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06-29-2006, 11:44 PM #1
Catagories?? Where do judges draw the line?
I am wondering where Judges draw the line between digital art and portraits? Or are they all in one category?
I attended my State competition this last weekend. I received 3 "merits", 2 prints and my album. As we were watching the awards ceremony, I was getting confused about the catagories. Where is the line drawn between a "Portrait" and digital art?? Most of the images that won Tropies were so digitally enhanced that they were nowhere near the original image. Don't get me wrong, they were beautiful works of art, but to me, they were not "Portraits", they were "Digital Art".
Why could there not be separate catagories for "Natural" PHOTOGRAPHIC images with minimal photoshop work and DIGITAL ART??
Any insight on this would helpfull, and if you are someone that feels the way I do, is there anything that can be done??
06-29-2006, 11:49 PM #2
- Join Date
- Sep 2005
- Duvall, WA
I saw at PPA in January that they did a decent job of separating digital art from portraits (although I didn't get to see it all since they kicked us out early!!) but I think there definitely needs to be guidelines drawn up about what constitutes a digital art piece and what is simply enhancing a regular portrait. Is there anything in the rules online about that?Kaela Domenico
06-30-2006, 04:37 AM #3
Congrats on the state-wide merits, that's not to be overlooked.-Assoc. degree, commercial photography
-Certified Professional Photographer
06-30-2006, 04:17 PM #4
- Join Date
- Aug 2005
I was wondering the same thing.
I asked a friend of mine who has been on the board of a small affilitae for the last several years and she told me this.
If the maker has captured the image and then manipulated it in photoshop it is basically up to them. If they want to enter it under Portrait, Digital, Wedding ...whatever. If on the other hand they have only done the PS work it can only be entered under Digital. Like a retouching artist who has done a spectacular job making a really acne scarred face look clean or a water damaged print restored to original condition etc. Hope this helps - David
06-30-2006, 04:19 PM #5
Thanks so much!!
I am very happy and proud to have won those 3 state merits,please don't missunderstand this post, it is just confusing to me.
I just feel that the judges are leaning towards the heavily photoshoped images, and the ones that are beautiful "portraits" with minimal photoshop enhancements are being overlooked. I have discussed this issue with other local photographers in my area and they all feel the same way... there should be a separate catagory for the heavy photoshop and painter effects. And the "Portrait/Wedding" catagories should be for left for minimal enhancing of the images.. maybe even and explination should be included with the image as to what exactly was done, and let PPA decide if it should be in the "Portrait/Wedding" catagory or the "Digital Art" catagory.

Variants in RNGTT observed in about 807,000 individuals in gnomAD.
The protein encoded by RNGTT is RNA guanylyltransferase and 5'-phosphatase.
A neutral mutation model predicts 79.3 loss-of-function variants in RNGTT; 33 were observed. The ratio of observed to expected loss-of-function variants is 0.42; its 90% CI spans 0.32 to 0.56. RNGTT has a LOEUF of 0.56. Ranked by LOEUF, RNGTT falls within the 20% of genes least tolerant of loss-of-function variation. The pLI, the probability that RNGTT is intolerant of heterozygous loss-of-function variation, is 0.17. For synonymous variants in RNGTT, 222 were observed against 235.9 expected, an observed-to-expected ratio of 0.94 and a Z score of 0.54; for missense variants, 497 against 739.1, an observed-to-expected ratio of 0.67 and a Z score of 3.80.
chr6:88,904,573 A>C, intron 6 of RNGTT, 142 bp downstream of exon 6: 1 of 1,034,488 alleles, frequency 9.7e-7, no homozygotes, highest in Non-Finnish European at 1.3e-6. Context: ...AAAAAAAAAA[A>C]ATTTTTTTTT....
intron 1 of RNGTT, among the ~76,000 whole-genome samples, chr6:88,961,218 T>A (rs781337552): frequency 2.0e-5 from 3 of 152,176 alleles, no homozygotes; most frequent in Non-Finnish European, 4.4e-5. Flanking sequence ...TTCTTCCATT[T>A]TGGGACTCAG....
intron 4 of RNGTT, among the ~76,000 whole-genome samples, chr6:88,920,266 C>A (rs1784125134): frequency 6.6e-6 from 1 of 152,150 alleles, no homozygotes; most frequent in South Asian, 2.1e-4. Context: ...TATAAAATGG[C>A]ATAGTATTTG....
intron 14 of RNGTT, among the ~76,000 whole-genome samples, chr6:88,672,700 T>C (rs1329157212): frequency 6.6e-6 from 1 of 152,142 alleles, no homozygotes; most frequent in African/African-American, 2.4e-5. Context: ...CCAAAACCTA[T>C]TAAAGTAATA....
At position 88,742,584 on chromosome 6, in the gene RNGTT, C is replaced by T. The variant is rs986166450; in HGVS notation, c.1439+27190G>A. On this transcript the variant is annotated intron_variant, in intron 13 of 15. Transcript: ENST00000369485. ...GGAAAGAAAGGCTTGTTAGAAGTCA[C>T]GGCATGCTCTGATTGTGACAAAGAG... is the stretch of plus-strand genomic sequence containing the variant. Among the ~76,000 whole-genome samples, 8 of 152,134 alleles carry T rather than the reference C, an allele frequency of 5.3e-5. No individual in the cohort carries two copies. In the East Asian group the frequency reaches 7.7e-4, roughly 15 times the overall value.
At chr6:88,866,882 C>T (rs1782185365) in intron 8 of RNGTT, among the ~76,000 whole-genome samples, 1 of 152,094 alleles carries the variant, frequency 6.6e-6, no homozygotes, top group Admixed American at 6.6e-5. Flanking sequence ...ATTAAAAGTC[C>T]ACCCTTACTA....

Again, don't get me wrong here, even one of my merit images had some photoshop work done to it.... but on the background, not so much on the subject. It still looks like a "Portrait". I have posted it here, and maybe even it would qualify for the "Digital Art" catagory if this were to be done.
Thanks so much for reading and listening to me, I am just hoping there are enough of us that feel this way that MAYBE a change can be made. And maybe I am just ol'school... even though I have only been in the business proffesionally for 2 years, maybe this is just the way things are heading and I had better shine up my photoshop and painter skills if I want to become a Master Photographer someday!!
06-30-2006, 05:34 PM #6
- Join Date
- Aug 2005
Just a story from the past.
I was at an affiliate judging in 96 when PS and digital were still pretty much a mystery. It was the first year that this group had a digital category and they realy didn't have the guidelines set-up yet. Anyway a group of several children recieved the highest score in the Portrait group so now it's down to the awards and they are going to give it Court of Gold Portrait Award. Then one of the judges spots some digital work on the print and moves it into the digital category. Now it is no longer the highest score in it's group and the maker is fuming! She didn't even know her lab had used digital retouching to do some work on the print. I can't remember what was done but it bumped her off the awards list. I for one miss the categories. I think weddings are different than portraits and illustrative is a whole other world. But time marches on. - David
06-30-2006, 08:18 PM #7
Hi Guys! I asked Keith to post on this thread but he is just too busy - literally 14 hour days all week. So over lunch he kinda told me what to say. If I get something wrong, I apologize in advance.